2 of 2 people found the following review helpful
HASH(0x9c6b242c) out of 5 stars A realistic view of the world of programming as an occupational choice 31 May 2006
By Harold McFarland - Published on Amazon.com
Format: Paperback
Not a typical book from Apress but definitely appropriate for their audience, The Career Programmer teaches the highly skilled programmer the non-technical skills involved in getting a job or starting a career as a contract programmer. Contained within the pages of the book is a distillation of the stuff you did not learn in college but need to know to work in the real world. Some of the problems the author examines include working in an imperfect world with unrealistic deadlines and expectations, dealing with changing expectations, estimating techniques, keeping the project under control, getting a job versus flying solo, and how to do either. In the real world good coding skills are simply not enough to survive. You have to learn to deal with corporate politics. The Career Programmer, Second Edition is highly recommended to those who are or want to become programmers for a living.
2 of 2 people found the following review helpful
HASH(0x9c660510) out of 5 stars You just MUST read it! 27 Mar. 2006
By Gus - Published on Amazon.com
Format: Paperback
This is an excellent book that covers topics that are never mentioned by programming books and schools, and yet are essencial to thrive in the software development industry.

Christopher Duncan's writing is funny and to the point. If you've ever got a pay check from developing software you're going to identify yourself in every single page of this book. If you're not yet a professional programmer, this is an excellent source of information of what to expect from the software industry as a business like any other.

Writing good code is not enough to succeed in the programming industry. If you don't learn how to deal with the issues covered by this book you might be "swimming against the current". You just must read it!
1 of 1 people found the following review helpful
HASH(0x9c66042c) out of 5 stars How to manage your career and avoid the Chihuahua... 15 Jun. 2004
By Thomas Duff - Published on Amazon.com
Format: Paperback
There's the normal, "correct" advice about how to make it in the world of Information Technology, and then there's Christopher Duncan's take on it all. His take is much more realistic, and infinitely more fun to read. He covers his advice on survival in IT in the book The Career Programmer: Guerilla Tactics For An Imperfect World (2nd Edition).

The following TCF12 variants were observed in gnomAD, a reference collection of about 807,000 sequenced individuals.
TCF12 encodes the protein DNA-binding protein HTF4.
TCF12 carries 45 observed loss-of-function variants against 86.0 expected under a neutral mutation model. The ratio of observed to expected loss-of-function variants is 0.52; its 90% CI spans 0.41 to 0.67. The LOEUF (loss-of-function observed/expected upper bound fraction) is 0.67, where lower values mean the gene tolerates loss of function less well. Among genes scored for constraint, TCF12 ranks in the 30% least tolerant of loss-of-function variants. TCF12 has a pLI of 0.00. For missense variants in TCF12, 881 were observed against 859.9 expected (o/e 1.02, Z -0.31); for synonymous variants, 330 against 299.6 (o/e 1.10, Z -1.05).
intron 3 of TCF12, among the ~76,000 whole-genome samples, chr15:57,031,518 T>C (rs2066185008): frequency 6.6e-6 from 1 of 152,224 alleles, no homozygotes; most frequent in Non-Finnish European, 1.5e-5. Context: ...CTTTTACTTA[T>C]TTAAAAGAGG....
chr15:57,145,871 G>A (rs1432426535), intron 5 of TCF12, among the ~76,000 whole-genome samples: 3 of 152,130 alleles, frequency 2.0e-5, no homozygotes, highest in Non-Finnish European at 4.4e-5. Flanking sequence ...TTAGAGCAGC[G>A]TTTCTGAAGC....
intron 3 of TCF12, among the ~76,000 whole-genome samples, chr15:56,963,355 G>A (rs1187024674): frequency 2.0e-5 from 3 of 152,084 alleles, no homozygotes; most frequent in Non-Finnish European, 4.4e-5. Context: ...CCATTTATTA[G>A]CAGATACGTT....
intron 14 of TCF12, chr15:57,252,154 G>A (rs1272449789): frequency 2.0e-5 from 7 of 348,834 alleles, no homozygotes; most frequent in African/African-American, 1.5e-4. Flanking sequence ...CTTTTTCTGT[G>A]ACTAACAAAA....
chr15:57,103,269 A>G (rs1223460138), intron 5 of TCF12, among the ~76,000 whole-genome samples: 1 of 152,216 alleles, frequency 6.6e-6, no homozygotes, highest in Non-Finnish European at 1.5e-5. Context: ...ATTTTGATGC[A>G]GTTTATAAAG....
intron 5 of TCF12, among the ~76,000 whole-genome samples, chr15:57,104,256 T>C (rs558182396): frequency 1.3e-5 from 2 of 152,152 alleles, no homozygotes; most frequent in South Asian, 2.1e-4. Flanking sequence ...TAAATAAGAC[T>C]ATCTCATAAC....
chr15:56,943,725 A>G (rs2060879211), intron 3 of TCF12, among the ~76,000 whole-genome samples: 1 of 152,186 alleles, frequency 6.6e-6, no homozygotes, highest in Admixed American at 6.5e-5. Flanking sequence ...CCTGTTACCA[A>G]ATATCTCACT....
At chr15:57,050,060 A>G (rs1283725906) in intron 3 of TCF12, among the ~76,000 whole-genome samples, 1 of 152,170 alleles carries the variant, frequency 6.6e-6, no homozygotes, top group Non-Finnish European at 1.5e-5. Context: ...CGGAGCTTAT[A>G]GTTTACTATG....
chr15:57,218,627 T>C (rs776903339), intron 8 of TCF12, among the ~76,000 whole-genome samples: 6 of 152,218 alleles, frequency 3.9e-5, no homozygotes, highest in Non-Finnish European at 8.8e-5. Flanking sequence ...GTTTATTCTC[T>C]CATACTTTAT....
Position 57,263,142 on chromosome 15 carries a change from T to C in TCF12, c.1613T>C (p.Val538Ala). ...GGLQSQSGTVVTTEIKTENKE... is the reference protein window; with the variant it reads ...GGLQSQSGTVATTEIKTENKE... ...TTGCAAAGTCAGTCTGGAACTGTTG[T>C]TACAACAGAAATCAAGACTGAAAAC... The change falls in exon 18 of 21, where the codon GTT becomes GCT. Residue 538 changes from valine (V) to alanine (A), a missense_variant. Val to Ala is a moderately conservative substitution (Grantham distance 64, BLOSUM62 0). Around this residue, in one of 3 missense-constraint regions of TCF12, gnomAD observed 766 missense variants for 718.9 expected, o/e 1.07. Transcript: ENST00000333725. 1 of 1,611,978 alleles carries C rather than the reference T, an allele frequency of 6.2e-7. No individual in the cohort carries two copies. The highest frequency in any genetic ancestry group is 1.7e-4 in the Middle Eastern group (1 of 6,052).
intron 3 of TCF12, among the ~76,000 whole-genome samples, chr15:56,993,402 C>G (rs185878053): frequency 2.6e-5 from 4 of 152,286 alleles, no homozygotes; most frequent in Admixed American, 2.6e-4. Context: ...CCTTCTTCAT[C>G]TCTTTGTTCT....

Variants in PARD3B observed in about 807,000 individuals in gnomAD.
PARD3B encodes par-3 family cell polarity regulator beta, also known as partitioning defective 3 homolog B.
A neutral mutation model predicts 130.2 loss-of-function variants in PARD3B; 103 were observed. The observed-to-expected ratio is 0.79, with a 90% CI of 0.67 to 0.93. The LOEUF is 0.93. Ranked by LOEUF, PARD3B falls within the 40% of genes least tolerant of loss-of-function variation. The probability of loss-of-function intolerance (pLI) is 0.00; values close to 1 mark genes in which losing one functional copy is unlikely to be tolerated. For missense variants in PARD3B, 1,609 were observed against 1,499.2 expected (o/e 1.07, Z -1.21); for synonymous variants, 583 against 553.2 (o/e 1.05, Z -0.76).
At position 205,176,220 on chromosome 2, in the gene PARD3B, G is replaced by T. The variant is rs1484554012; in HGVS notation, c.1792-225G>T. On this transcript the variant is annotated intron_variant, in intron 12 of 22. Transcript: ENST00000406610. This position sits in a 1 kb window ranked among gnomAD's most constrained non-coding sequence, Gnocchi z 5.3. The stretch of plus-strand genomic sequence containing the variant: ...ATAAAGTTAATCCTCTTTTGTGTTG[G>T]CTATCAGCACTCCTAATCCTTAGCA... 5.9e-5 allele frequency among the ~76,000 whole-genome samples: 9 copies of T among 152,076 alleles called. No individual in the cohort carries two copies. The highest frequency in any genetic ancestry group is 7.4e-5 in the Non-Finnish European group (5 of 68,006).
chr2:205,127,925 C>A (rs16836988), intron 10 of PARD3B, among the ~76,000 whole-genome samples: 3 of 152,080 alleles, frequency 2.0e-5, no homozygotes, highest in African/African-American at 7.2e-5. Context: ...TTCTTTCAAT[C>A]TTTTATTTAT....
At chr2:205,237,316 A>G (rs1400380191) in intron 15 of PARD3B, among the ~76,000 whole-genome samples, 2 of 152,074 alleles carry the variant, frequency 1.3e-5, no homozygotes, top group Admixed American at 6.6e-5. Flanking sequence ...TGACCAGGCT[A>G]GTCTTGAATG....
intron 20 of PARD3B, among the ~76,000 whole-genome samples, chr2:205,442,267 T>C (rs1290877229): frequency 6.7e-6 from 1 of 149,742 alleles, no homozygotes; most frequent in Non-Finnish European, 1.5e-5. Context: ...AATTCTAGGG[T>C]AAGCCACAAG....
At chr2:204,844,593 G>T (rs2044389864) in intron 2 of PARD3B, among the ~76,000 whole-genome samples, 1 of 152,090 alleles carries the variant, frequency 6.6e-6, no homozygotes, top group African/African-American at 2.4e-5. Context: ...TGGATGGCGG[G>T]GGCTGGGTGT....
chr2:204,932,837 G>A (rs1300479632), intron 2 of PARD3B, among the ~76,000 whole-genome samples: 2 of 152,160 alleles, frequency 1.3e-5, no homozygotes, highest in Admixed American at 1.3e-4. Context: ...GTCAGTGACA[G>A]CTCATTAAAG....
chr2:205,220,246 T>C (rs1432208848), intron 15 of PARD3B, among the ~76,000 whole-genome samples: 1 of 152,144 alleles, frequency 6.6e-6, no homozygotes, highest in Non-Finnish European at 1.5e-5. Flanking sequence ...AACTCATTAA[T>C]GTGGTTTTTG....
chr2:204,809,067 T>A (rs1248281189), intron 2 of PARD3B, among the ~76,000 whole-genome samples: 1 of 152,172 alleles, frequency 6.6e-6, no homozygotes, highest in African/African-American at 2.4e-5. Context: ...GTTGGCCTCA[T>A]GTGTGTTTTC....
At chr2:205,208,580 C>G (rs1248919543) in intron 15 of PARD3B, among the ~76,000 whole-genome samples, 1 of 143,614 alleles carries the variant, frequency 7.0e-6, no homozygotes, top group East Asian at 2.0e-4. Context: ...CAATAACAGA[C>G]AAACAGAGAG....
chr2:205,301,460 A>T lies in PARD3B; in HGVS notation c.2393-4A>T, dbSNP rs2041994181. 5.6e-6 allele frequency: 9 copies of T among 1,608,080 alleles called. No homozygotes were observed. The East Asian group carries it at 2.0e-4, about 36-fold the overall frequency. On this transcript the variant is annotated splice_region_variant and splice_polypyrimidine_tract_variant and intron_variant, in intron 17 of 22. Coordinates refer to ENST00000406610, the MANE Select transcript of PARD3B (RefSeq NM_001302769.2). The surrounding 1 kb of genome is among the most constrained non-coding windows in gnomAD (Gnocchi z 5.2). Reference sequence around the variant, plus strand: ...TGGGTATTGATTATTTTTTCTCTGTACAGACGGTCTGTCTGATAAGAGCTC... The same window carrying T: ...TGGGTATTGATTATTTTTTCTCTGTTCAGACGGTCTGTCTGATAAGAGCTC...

Content:

Part 1 - Software Development In An Imperfect World: Welcome To The Corporate World; Business Is War, Meet The Enemy; Good Coding Skills Are Not Enough

Part 2 - Guerilla Tactics For Front-Line Programmers: Preventing Arbitrary Deadlines; Getting Your Requirements Etched In Stone; Effective Design Under Fire; Practical Estimating Techniques; Fighting For Quality Assurance; Keeping The Project Under Control; Managing Your Management; Corporate Self-Defense

Part 3 - Building A Better Career: Controlling Your Destiny; Get A Job (Sha Na Na Na...); Career 2.0; Flying Solo; Job Security

Index

Duncan doesn't fit your normal corporate mold in a number of ways. For one, the shaved head, earring, and leather jacket may be a bit intimidating. Second, he's extremely irreverent when it comes to describing life in corporate America. Sadly, my 20+ years in IT only confirm much of his observations. You will almost always be asked to do twice as much in half the time that's required. To prevent yourself from going crazy in the process, you need to read and apply his advice. For those on the front-line of code-slinging, Part 2 of this book is most valuable. Rough estimates become "promises", so don't be suckered into off-the-cuff statements. Take the time to learn how your tools work (like your IDEs), and then make sure you get the most out of them. This can save you hours over the course of your project, and it might be the difference between meeting the deadline or just being dead. That's just a small sample of the practical stuff you'll find here. Part 3 also helps you take a step back and look at your career, where it's going, and what you need to do to properly manage your direction. Better to end up somewhere by design than by accident. And of course, the Chihuahua will be there every step of the way (you'll need to read the book to get that one...)

A solid read with a lot of wit and humor gained from the wars. If you've been floundering along and not enjoying the ride very much, take a step back and read The Career Programmer to figure out what you can do differently...